Technology with attitude

Microsoft to Push Windows 10 Adoption Harder with “Recommended Upgrade” in 2016

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Microsoft rolled out Windows 10 a few months ago and it is doing marvelously well as far as adoption is concerned, with the company reporting that over 110 million devices are already running on this operating system.

Based on these stats in addition to the feedback the company is receiving regarding the same developments, it seems many are already in love with the new Microsoft OS. So, why then try to push it even harder? Well, the company might be thinking that this is so far the best iteration of Windows OS, especially when compared to the reaction Windows 8 got when it was launched a few years ago and as a result, pushing the OS to as many devices as possible is the right direction.

According to a statement released by the Redmond-based company, 2016 will be a different year for those still using older versions of Windows OS, notably Windows 7 and 8. Rather than keep the current status of Windows 10 being an optional update, the company will start to push the OS as a recommended update.

A few weeks ago, there were some users that came in voicing their dissatisfaction with the fact that the optional upgrade box had been checked by default. What this meant was that the new OS would install on their devices without their consent and knowledge as well.

Is Microsoft being too aggressive with the push for Windows 10 upgrade?

Now that Microsoft will be changing the upgrade status of Windows 10 from optional to recommended, it shows how badly the company wants its millions of users to move over to this new OS. However, the question of whether this aggressive nature of doing things will benefit the company in the long run or not is still under scrutiny.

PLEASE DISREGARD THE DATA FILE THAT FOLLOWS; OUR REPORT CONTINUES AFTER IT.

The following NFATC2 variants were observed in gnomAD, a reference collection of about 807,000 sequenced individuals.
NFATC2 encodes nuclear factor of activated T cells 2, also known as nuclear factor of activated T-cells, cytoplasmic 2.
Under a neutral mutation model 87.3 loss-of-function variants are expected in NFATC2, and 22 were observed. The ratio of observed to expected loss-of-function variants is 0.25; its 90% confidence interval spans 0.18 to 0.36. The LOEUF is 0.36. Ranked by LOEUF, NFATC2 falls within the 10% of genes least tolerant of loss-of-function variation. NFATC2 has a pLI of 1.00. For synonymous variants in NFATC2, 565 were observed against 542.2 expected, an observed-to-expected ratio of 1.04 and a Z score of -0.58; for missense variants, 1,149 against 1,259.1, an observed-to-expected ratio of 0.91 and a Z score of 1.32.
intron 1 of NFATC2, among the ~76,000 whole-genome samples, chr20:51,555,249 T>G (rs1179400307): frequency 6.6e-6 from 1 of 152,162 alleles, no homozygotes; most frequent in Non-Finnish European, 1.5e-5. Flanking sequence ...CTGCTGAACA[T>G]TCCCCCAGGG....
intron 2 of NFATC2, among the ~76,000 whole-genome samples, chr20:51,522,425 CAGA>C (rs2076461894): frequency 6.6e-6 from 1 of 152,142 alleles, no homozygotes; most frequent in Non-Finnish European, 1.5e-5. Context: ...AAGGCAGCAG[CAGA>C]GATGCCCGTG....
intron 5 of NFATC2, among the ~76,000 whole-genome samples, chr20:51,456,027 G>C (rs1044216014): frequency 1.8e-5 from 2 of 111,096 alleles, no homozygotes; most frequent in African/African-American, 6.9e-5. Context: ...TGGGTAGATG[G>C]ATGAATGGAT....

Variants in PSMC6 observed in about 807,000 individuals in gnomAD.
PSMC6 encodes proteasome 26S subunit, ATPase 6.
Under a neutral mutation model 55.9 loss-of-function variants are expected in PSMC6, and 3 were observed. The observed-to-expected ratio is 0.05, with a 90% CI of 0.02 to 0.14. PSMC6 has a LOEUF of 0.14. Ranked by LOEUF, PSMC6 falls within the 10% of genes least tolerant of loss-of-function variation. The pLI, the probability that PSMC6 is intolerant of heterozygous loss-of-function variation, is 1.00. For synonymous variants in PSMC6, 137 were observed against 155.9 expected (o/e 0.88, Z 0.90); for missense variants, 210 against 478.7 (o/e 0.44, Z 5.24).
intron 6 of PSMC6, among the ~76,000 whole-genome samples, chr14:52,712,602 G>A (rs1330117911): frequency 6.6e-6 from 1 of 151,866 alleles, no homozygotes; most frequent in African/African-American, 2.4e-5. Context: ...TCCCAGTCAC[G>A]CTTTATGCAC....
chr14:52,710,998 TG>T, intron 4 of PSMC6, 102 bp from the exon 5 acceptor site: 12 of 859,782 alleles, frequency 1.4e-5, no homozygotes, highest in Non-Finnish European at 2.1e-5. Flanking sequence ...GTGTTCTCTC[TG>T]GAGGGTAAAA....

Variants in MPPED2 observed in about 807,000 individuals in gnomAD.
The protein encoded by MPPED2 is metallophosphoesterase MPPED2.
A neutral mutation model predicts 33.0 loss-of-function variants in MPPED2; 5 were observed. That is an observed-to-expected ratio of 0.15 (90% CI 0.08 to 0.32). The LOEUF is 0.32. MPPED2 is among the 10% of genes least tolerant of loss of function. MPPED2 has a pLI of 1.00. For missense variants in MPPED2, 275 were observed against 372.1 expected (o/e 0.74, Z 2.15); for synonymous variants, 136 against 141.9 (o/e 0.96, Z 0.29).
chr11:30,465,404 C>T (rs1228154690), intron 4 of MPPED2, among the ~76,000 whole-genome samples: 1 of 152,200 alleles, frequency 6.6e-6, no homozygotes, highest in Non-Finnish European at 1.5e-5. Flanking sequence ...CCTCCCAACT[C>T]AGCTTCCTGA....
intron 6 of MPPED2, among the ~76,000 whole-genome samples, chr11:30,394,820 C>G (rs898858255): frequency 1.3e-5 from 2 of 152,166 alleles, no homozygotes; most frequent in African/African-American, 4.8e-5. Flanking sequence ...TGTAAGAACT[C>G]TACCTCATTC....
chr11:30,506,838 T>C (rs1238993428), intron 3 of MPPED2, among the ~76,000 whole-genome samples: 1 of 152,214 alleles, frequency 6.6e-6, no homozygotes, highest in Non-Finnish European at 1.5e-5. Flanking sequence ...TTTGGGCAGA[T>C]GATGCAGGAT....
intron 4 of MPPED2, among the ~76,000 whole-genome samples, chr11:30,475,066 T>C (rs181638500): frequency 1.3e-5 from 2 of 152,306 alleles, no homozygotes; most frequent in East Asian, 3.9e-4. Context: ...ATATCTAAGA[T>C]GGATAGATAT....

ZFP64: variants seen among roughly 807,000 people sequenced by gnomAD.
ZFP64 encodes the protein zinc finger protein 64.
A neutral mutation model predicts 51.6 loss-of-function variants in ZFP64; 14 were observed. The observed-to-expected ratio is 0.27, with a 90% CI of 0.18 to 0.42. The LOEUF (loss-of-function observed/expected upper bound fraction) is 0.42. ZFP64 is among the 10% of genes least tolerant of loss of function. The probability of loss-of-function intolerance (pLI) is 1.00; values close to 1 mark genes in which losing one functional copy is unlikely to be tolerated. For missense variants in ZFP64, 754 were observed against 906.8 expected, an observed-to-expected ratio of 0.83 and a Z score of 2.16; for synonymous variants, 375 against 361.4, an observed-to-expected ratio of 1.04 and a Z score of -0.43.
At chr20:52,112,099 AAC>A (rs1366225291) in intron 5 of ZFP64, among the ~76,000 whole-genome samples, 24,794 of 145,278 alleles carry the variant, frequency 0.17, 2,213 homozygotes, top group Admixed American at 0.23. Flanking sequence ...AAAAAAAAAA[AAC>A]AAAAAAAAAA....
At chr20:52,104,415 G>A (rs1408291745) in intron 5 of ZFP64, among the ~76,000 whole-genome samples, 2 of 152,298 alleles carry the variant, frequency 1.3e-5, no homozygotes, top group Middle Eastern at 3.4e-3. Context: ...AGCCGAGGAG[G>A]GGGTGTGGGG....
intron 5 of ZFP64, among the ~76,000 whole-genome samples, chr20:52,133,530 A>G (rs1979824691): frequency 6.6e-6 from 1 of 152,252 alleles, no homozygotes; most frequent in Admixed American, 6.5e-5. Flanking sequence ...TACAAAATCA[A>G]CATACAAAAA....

The fact that already 110 million devices are running on this new OS is enough to tell Microsoft that people already love this OS. With that in mind, there is really no point of trying to “force” people into upgrading to the new OS, especially since there are only 31 days of trying the new upgrade before deciding on keeping it or rolling back to the older Windows 7/8/8.1. This won’t work for the less tech-savvy users of Windows PCs.

If you thought Microsoft was already too aggressive, well, things are about to change this coming year as the company plans to step its efforts even further. Remember, Windows 10 upgrade is free for the first one year, so, don’t wait up too long for later on, you will have to pay for it.